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Orioles Hot Stove News -- if you can call it that

Not much has happened for the Orioles yet this off-season, and while that certainly doesn't mean nothing exciting will happen (the Adam Jones trade happened in February, for example), for the impatient among us it's hard to watch the big doings by other teams. I mean, I can sit here all day and say that Albert Pujols contract is ridiculous (because it is) and that it'll be a burden for the last several years (because it will), but if the Orioles had done it I'd be flipping out happy because at the end of the day that kind of thing never happens to the Orioles (for better or worse) and it does happen to be Albert Freaking Pujols.

So what HAVE the Orioles done? For one thing, the PTBNL from the trade that brought the Orioles backup catcher Taylor Teagarden was named, and it is the infielder known as Greg Miclat. Miclat is nothing special, but I always liked the guy because he could get on base. And because he's short and squatty. Miclat joins Randy Henry in the Texas Rangers system, and the Orioles get in return a cheap backup catcher who won't be a free agent until 2016. I still don't see all that much value in the trade, but having Teagarden under team control for that long is a bonus. It's possible I won't have to wonder who will be the backup catcher again until I'm 37 years old!

After hearing that the Orioles might make a move for pitching all week, it finally happened today. Was it Gavin Floyd, whose name has been bandied about? No, the Orioles went in a completely different direction and traded for Dana Eveland, who is not only named Dana, but is also not good at baseball. Eveland is a 27-year old lefty who has pitched for the Brewers, Diamindbacks, Athletics, Blue Jays, Pirates, and Dodgers. The 29.2 innings he pitched for the Dodgers last year were pretty much the only decent major league innings he's ever pitched, and that's because in those five starts he managed to walk only six batters. In his other 330.2 major league innings he has walked 174 batters, or 4.7 per nine innings. Oh, and he doesn't strike many guys out either.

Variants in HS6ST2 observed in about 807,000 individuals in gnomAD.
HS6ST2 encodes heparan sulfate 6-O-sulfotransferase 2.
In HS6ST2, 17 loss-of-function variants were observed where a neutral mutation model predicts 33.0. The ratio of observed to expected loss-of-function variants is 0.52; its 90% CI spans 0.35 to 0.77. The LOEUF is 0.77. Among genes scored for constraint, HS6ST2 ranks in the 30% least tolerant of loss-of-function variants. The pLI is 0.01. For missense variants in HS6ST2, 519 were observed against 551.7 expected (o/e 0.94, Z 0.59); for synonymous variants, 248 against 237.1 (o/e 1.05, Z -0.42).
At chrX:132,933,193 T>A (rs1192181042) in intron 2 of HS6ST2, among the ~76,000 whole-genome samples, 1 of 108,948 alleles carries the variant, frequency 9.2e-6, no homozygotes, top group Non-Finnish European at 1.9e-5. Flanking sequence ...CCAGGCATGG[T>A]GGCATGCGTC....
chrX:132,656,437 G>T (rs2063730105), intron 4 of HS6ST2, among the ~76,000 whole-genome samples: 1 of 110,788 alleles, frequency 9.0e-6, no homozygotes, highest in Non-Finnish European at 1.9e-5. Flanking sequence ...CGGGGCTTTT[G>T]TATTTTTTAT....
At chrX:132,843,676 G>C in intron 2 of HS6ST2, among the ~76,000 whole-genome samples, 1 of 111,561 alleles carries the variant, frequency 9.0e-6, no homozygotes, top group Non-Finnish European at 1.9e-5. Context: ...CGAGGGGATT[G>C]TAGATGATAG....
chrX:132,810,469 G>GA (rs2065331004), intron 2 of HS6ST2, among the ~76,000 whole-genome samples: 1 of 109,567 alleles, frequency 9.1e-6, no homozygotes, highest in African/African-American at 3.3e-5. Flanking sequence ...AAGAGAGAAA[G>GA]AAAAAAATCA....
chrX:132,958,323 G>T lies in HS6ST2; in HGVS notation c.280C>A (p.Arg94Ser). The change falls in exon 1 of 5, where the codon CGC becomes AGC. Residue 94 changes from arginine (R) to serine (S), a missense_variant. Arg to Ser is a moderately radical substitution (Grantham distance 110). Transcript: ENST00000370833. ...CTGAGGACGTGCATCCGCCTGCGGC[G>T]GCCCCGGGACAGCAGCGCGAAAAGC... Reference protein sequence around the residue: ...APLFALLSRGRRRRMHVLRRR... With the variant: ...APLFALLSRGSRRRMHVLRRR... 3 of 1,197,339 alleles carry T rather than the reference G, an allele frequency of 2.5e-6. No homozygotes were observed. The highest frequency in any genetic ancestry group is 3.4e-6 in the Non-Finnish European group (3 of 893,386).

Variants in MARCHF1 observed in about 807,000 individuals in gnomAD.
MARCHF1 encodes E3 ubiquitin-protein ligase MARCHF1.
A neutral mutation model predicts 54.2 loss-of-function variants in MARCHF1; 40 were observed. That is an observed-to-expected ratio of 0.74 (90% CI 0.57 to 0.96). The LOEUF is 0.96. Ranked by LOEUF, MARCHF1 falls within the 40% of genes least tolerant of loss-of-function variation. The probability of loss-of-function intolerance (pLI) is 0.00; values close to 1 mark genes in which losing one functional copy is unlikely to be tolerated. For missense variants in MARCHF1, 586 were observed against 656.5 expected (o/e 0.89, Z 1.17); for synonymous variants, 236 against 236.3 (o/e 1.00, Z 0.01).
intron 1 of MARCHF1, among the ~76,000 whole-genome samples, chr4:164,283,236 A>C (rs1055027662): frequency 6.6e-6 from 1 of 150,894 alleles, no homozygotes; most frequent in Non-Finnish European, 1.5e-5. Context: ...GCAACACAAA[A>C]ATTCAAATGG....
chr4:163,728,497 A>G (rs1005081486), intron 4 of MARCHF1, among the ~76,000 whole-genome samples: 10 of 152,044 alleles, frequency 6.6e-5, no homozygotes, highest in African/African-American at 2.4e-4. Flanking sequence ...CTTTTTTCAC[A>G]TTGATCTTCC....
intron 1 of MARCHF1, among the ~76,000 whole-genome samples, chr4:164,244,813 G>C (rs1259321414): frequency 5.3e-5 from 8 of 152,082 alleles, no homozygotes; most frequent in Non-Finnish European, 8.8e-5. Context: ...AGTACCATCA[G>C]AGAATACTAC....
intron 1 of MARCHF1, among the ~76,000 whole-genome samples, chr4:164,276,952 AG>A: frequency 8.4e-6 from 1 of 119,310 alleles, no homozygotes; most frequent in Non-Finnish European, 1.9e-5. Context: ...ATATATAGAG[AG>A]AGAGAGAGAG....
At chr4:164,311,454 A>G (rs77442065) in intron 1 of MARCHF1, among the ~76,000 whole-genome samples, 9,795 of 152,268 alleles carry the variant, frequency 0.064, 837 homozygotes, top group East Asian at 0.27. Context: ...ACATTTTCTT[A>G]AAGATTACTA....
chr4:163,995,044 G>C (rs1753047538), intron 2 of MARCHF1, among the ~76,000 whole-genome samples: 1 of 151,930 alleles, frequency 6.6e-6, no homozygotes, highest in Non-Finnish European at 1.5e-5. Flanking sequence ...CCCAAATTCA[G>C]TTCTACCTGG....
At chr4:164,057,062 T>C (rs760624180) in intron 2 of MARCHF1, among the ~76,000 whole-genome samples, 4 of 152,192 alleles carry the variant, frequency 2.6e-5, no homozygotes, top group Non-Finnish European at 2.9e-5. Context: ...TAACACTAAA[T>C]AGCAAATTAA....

Eveland's silver lining, if you choose to see it, is that his career FIP is 4.38, quite a bit lower than his ERA of 5.52. But I'm prepared to not give a crap about that because the only season in which his ERA hasn't been higher than his FIP was last year with the Dodgers (remember, 29 innings). I'm guessing that Eveland's career BABIP of .341 is less to do with bad luck and more to do with being lousy.

Going to the Dodgers in this meh trade are minor leaguers Tyler Henson and Jarret Martin. Henson, a right-handed outfielder who spent 2011 at AAA Norfolk, might amount to a fourth outfielder if he's lucky. He's a career .263/.322/.387 hitter in the minors (six seasons). In other words, he's worse than Matt Angle. Martin is a LHP who put up substandard numbers in rookie ball in 2010 and with the Delmarva Shorebirds in 2011. He walks a lot of guys and like the rest of the minor leaguers to leave the Orioles this season, probably won't amount to anything in the majors.

That doesn't Dana Eveland is worth anything. But here is what Dan Duquette had to say about him:

We think Dana is a qualified Major League pitcher who won 15 games last year between Albuquerque and Los Angeles. He provides depth and can compete for a starting spot on our roster in 2012.

Well, ok then.

The final news on the day is the Rule 5 draft, in which the Orioles selected infielder Ryan Flaherty from the Chicago Cubs. Flaherty has spent four years in the Cubs' minor league system, hitting .278/.346/.462 in 1877 plate appearances. Duquette cited his high draft status (first round in 2008), the college program he came from (Vanderbilt), and his batting skills for reasons they grabbed him. Flaherty can play 2B, 3B, SS, and a little bit of outfield. Look out, cult hero Robert Andino.

I know this isn't the year to sign up a bunch of expensive free agents, but I really hope Duquette has something better up his sleeve than Dana Eveland.